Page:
During ‘Anthropause,’ Animals Moved More Freely
A new study used GPS data to track the movements of 43 species of mammals around the globe before and during the COVID-19 pandemic, revealing that animals were able to move more freely during lockdowns.
The findings, made by a team of international scientists, are significant because they show that the effect of the human footprint on animals is not just limited to physical infrastructure.
“This study shows that overall, it’s not just the infrastructure – the houses and the roads – that impacts wildlife, it’s actually humans,” said study co-author Roland Kays, research professor at North Carolina State University and director of the Biodiversity Lab at the North Carolina Museum of Natural Sciences. “In the past, we’ve talked about the human footprint as made up of all the infrastructure we have on the planet. We were never able to untangle the people from the infrastructure because they were always together. In this case, the lockdown separated people from the infrastructure, so we were able to isolate how much of an impact the people themselves have.”
Published in the journal Science, the study was designed to tell the full story of how the “anthropause” – the reduction in human activity to limit the spread of COVID-19 – affected mammals. Researchers used GPS tracking data for 2,300 individual animals around the world to compare their movement during the 2020 lockdowns to their movements in the same period a year earlier.
The Abstract spoke to Kays about the findings and their implications for wildlife.
The Abstract: What was your main role in this study?
Roland Kays: My role was helping connect all of the different scientists collecting data on animal movement. Around the world, scientists are streaming in large amounts of data every day about the location of animals. We run a database called Movebank, which we used to help the scientists collect and standardize their data.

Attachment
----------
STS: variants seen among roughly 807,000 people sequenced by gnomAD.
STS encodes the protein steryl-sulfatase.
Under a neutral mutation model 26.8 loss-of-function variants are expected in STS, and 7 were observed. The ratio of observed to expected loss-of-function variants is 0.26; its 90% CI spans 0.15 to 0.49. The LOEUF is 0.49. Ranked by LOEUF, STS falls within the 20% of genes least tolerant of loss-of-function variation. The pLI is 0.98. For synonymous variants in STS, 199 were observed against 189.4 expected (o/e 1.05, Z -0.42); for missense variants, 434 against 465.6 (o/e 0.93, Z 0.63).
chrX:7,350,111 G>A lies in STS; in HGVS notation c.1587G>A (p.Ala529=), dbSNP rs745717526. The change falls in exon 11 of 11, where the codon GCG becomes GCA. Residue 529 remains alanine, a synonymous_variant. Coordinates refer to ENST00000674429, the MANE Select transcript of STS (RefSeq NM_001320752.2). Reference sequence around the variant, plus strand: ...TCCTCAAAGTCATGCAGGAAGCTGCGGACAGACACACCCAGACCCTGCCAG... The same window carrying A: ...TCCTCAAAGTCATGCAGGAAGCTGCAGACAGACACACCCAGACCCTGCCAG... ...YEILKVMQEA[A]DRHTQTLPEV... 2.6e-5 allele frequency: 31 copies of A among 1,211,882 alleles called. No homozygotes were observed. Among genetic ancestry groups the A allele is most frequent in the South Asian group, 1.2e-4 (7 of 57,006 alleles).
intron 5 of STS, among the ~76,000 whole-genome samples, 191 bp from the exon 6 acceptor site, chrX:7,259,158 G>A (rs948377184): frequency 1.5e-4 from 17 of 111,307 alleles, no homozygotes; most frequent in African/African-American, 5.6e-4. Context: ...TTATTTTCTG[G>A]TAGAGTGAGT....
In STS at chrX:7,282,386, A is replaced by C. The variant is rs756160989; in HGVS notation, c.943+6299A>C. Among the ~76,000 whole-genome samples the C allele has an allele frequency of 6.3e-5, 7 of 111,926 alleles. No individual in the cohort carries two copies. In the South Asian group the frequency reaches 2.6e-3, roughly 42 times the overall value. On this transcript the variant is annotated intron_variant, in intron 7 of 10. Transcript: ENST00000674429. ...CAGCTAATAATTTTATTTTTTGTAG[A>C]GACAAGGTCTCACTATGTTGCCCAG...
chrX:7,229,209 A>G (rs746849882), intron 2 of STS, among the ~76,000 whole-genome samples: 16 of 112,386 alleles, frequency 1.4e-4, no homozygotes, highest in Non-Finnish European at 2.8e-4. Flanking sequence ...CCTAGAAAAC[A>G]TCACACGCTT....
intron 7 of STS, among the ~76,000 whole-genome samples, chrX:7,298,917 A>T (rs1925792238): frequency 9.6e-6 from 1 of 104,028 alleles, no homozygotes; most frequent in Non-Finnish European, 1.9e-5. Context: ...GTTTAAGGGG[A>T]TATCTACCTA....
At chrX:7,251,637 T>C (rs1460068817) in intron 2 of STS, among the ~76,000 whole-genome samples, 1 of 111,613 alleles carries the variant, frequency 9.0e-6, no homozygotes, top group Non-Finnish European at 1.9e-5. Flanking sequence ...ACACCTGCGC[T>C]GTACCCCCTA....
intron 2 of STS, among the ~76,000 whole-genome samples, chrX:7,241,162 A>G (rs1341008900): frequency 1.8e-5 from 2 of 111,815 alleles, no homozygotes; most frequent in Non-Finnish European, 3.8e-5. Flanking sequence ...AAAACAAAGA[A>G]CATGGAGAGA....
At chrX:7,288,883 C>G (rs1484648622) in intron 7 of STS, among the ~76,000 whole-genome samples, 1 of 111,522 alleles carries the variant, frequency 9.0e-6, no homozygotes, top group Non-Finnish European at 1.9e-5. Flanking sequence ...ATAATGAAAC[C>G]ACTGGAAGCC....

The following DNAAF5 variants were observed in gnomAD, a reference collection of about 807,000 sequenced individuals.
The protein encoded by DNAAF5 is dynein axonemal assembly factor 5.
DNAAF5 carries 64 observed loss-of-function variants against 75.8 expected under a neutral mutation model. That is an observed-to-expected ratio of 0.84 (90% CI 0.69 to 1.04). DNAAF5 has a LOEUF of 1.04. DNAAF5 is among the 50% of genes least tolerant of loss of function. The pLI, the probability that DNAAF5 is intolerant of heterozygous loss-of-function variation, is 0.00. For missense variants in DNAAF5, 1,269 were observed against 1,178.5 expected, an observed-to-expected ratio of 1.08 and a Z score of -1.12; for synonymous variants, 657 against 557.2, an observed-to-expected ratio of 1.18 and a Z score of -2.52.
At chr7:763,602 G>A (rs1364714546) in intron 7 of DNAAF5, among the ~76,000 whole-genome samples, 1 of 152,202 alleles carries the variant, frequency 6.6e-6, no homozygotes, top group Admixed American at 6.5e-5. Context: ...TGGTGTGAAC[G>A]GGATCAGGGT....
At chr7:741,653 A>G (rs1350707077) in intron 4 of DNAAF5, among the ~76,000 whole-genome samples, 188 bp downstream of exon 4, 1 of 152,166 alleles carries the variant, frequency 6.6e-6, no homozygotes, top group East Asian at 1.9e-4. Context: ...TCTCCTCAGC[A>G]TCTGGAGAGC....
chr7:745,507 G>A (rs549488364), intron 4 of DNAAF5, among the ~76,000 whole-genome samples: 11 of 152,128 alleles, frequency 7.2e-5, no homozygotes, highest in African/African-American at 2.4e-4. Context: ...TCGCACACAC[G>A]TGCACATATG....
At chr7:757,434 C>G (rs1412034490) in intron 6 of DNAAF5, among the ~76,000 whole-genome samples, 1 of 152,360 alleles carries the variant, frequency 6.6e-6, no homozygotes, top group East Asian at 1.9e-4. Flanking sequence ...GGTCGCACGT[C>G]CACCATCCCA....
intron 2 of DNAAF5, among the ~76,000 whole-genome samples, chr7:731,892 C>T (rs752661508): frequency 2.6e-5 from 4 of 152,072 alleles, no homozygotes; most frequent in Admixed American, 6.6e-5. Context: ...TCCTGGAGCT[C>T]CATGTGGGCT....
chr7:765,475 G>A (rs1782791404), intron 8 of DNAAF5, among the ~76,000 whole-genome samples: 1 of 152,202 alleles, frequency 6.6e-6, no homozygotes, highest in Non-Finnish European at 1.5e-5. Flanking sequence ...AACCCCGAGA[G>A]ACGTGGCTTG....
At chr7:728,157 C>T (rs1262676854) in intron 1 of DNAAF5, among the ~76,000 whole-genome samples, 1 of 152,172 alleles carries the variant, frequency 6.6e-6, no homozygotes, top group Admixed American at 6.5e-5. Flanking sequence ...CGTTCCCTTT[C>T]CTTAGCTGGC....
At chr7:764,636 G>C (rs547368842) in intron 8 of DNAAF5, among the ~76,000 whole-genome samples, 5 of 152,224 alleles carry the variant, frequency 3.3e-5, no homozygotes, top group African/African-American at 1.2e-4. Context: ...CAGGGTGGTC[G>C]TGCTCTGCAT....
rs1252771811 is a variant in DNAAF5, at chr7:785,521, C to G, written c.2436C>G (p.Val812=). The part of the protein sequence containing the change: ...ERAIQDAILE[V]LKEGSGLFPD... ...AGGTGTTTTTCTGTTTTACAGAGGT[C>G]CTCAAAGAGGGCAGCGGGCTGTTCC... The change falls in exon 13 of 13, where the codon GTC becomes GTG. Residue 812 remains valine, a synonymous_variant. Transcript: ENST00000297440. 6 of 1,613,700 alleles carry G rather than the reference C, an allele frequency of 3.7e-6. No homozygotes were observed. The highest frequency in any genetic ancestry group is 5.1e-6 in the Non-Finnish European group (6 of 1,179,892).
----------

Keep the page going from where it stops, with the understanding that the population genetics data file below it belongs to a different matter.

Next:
TA: How did your team compare animal movement before and after the pandemic?
Kays: We needed a standard way to compare the animal tracking data across studies that have different methodologies. You might have a researcher tracking an animal every 10 minutes, giving you a really fine record of the animal’s movement. For another animal, a scientist might have tracked the animal every 10 hours. So, we looked at what we called “one hour displacements” and “10-day displacements,” which is just how far an animal moved in one hour or in 10 days.
TA: When you looked at the animal movements that changed the most, you found that animals moved less in an hour, by 12% overall, on average. In areas with the strictest lockdowns, you saw an increase, at 73% on average, in how much animals moved across 10 days. What does that all mean?
Kays: We found there was a reduction in short-term movements, or small movements that might be attributed to animals avoiding people during their day-to-day activities. We also found they moved farther in the long-term, which we think is because of increased landscape permeability. With less people, and probably less traffic, animals were able to move more over longer periods of time.
TA: You reported that in areas with a larger human footprint, animals were 36% closer to roads on average. What does that mean?
Kays: Typically, animals are avoiding roads, and now we know that human activity on the roads is making them stay away. But during the pandemic, animals were spending more time closer to the roads in areas with high human traffic. One of the tricky things about this study is that in different parts of the world, and in different habitats, there were more or less people in different areas during the pandemic. People were in the neighborhoods, but maybe not downtown. Some parks had more activity, and some had less because they were shut down. That made it hard to do the study at the global scale. But shifts around roads in these areas of high human footprint was a finding that was consistent.